On the website of the U.S. Citizenship and Immigration Services there is a list of rights belonging to all Americans. Chief among them: Freedom to express yourself. Abdiwali Warsame must have taken them literally. Two days after he became a U.S. citizen, he created a rollicking news and opinion website covering his native Somalia. It became popular with many Somalis and Somali-Americans, but also attracted attention from other quarters. As Craig Whitlock recently revealed in the Washington Post, Warsame was, according to public records and interviews, soon “caught up in a shadowy Defense Department counterpropaganda operation.”
Warsame’s website became a clearinghouse for articles from various points of view (including his own fundamentalist Muslim beliefs), but with emphasis on strong opposition to U.S.-backed military interventions in Somalia, and the contention that al-Shabab militants are freedom fighters, not terrorists. This, in turn, attracted the attention of the U.S.-based Navanti Group, which was “working as a subcontractor for the Special Operations Command to help conduct ‘information operations to engage local populations and counter nefarious influences’ in Africa and Europe.” As part of a sophisticated military effort aimed at manipulating news stories and social media around the world, Navanti compiled a dossier on Warsame, even though the military is legally barred from carrying out psychological operations at home. (Navanti claimed it believed Warsame was based overseas; Whitlock’s reporting indicates otherwise.) The military contractor eventually sent a copy of its files to the FBI, whose agents soon showed up on Warsame’s doorstep.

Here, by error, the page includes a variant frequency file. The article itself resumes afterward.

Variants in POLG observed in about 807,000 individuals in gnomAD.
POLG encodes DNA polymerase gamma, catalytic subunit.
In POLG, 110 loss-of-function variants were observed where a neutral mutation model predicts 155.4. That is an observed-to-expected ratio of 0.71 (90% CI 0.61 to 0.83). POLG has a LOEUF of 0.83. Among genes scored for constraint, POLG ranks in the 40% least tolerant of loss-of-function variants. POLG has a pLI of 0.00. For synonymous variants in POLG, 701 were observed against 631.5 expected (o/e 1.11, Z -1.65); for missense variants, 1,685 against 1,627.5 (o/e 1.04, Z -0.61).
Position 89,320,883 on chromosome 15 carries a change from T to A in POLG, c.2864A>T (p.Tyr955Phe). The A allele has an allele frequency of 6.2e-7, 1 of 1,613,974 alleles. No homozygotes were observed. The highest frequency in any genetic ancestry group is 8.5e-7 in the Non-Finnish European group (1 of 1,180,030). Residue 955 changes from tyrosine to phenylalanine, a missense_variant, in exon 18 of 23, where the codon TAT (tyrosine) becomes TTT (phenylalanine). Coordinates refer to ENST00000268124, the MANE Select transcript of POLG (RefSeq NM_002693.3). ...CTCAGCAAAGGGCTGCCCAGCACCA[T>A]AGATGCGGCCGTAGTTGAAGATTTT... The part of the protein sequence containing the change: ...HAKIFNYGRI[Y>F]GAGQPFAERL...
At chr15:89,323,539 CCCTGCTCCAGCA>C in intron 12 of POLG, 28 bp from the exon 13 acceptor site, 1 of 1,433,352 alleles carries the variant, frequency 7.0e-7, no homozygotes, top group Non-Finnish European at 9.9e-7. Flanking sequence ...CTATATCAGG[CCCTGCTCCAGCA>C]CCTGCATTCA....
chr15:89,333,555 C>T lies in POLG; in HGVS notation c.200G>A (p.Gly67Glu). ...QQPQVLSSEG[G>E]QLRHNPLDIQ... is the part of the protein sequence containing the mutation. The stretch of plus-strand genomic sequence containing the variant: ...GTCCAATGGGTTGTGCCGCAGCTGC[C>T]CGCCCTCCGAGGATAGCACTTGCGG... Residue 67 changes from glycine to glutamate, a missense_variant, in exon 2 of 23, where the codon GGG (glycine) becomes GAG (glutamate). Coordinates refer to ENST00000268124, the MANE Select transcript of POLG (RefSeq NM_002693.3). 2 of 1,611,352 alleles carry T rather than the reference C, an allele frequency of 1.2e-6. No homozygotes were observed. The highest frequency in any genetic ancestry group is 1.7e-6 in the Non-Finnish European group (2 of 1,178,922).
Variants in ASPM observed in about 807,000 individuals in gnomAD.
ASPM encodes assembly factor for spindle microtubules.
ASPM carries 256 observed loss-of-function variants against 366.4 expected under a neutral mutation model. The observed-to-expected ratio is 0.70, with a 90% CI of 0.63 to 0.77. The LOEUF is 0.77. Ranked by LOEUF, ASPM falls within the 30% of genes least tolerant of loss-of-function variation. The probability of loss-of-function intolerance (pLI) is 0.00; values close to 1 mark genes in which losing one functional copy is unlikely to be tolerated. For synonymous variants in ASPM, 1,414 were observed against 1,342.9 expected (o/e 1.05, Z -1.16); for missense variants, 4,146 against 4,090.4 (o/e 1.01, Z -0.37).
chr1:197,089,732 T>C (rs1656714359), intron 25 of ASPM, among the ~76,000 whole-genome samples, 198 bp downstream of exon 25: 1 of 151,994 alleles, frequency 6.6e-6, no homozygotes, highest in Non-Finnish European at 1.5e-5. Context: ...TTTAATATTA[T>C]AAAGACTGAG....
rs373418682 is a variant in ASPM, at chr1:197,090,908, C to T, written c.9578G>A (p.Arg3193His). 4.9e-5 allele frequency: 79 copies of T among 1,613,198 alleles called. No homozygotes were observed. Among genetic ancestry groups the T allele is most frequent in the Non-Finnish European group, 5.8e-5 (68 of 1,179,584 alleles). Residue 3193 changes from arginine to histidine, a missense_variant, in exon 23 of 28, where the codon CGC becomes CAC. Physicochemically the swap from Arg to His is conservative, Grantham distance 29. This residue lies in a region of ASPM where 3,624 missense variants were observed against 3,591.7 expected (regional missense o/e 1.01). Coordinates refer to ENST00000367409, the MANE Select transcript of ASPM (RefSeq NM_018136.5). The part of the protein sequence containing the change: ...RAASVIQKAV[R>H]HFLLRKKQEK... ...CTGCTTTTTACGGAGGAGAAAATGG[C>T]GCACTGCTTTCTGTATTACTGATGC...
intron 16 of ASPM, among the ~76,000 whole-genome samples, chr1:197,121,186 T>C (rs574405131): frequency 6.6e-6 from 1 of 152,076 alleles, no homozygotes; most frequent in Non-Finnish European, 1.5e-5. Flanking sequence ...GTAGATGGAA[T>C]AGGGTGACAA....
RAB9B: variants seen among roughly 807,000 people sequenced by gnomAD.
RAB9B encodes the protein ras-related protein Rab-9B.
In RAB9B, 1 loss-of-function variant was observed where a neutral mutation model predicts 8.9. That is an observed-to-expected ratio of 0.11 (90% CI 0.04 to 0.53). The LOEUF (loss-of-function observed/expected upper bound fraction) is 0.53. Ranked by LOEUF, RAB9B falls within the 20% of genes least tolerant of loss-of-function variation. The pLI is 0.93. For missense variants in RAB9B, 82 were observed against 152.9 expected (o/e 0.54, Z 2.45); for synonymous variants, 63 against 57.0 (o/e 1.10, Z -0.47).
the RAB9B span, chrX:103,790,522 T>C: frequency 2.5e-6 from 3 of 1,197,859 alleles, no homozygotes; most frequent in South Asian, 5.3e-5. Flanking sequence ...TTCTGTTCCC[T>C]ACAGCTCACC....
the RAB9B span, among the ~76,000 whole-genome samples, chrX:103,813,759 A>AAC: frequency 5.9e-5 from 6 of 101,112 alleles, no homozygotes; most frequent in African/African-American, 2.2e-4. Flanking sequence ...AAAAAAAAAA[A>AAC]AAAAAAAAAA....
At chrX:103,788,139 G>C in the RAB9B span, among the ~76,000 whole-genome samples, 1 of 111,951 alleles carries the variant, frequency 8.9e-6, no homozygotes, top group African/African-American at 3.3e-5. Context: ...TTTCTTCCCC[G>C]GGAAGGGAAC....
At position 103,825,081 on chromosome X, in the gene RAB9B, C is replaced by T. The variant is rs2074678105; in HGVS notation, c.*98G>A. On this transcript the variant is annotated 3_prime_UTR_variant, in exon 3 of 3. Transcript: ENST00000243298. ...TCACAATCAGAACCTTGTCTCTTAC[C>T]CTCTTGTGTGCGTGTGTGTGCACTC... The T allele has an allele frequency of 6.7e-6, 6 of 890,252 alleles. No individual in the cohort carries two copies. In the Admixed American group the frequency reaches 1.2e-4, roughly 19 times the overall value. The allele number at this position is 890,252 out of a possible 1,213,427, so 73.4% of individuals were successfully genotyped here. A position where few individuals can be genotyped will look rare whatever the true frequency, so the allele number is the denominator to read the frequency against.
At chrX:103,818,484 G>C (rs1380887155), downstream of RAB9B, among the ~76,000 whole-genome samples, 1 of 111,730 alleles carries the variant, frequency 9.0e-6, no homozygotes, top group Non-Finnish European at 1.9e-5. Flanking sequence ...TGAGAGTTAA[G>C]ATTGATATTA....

The U.S. Citizenship and Immigration Services website says Americans are bound by “the shared values of freedom [and] liberty” and that “naturalized citizens are… an important part of our democracy.” Today, this rings about as true as a thump on the side of an empty dumpster. Abdiwali Warsame is just one of millions of people — Americans and foreigners — who have found themselves monitored in some way by the U.S. military over the years.
No one knows this long history of shadowy military surveillance better than TomDispatch regular Alfred McCoy, author of Policing America’s Empire, among other works. For decades, McCoy has been shedding light on some of the darkest aspects of government malfeasance from drug trafficking to spying to torture. Today, he offers a chilling tour of military surveillance efforts from the turn of the twentieth century to a near future even more dystopian than our present — a world in which we’re all liable to end up like Abdiwali Warsame. Nick Turse …
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